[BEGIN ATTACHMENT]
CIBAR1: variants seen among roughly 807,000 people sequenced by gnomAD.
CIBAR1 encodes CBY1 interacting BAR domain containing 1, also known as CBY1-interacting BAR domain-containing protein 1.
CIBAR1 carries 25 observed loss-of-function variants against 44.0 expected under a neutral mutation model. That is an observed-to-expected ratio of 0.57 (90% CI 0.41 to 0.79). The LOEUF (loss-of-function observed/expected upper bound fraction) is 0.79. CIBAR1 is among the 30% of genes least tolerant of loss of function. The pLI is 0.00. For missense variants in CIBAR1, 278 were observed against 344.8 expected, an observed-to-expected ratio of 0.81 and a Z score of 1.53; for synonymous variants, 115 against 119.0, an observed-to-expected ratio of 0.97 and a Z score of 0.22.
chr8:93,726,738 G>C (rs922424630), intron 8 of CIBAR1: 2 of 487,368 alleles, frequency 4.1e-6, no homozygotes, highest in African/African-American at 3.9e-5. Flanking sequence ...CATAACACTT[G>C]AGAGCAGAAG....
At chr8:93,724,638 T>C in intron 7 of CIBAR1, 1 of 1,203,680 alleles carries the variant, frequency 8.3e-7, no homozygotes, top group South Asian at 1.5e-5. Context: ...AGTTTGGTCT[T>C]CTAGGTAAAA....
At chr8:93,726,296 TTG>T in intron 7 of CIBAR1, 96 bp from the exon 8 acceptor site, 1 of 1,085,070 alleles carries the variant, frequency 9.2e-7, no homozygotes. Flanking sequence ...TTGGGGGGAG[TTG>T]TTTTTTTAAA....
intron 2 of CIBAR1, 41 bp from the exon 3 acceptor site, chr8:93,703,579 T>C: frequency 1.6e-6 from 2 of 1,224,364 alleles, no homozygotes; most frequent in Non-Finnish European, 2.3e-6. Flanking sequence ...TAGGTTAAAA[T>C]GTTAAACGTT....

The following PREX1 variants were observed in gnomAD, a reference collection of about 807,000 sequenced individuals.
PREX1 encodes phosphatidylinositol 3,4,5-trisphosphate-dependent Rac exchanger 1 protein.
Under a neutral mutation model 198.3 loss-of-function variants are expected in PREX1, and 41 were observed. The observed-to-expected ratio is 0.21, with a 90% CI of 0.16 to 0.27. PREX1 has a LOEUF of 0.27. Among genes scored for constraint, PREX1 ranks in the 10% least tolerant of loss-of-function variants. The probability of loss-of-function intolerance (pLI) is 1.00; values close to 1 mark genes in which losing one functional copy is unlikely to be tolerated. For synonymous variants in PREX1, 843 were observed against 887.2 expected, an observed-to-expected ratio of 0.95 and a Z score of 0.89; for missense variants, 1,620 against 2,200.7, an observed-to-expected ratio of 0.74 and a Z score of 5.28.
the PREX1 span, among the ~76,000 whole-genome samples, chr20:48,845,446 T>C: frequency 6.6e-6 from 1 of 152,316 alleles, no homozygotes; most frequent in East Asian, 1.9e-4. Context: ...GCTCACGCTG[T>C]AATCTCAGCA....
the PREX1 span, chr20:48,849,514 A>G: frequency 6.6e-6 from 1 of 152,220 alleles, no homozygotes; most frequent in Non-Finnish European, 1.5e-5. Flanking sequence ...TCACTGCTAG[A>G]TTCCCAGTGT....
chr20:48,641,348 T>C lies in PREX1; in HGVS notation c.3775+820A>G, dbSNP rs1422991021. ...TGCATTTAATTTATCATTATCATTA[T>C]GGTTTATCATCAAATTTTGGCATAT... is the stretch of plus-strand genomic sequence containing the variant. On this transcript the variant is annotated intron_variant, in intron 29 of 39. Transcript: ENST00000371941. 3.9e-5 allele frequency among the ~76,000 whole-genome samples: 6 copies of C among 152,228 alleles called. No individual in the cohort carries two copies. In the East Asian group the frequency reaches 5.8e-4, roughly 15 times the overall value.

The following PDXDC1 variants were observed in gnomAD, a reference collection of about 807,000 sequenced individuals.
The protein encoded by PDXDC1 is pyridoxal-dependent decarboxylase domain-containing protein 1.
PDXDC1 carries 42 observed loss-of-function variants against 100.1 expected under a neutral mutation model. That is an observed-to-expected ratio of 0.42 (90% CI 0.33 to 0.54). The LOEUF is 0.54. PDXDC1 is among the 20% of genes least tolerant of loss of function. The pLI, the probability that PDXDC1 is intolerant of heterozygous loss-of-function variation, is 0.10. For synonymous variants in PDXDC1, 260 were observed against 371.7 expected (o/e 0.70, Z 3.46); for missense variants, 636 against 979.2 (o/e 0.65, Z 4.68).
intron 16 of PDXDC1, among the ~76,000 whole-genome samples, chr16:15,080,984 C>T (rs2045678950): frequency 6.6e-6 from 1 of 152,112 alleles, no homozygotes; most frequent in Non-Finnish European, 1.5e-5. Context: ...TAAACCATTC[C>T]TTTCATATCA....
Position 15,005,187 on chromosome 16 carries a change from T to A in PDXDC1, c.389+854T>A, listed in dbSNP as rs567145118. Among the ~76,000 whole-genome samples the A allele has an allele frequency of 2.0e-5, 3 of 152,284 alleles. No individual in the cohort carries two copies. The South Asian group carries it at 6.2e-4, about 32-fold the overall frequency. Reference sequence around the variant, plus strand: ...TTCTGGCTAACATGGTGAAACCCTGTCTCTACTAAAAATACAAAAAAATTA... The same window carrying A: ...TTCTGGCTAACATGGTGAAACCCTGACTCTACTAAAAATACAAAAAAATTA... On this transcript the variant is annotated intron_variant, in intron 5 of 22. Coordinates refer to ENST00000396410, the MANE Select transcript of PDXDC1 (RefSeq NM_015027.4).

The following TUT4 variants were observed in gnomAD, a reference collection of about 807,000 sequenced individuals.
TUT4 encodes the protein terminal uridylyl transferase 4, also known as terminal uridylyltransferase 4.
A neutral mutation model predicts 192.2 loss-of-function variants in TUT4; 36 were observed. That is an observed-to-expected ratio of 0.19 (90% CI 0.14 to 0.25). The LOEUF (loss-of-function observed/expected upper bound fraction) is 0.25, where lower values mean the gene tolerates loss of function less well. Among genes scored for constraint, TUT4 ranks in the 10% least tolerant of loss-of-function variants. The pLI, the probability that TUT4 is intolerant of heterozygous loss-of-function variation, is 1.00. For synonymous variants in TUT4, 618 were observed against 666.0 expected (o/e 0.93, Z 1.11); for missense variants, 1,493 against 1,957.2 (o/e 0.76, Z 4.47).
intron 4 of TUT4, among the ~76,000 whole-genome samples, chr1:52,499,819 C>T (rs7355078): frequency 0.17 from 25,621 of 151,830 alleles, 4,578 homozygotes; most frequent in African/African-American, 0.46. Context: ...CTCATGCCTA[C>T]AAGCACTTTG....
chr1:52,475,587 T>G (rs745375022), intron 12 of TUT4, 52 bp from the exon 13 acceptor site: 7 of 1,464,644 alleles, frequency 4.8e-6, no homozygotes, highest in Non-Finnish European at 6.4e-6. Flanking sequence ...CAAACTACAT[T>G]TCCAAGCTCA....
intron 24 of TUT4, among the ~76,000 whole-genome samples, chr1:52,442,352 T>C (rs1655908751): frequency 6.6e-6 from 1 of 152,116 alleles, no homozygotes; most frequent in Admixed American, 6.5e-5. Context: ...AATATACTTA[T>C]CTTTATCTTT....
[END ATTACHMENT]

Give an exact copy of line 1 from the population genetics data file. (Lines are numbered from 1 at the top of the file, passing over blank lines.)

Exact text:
CIBAR1: variants seen among roughly 807,000 people sequenced by gnomAD.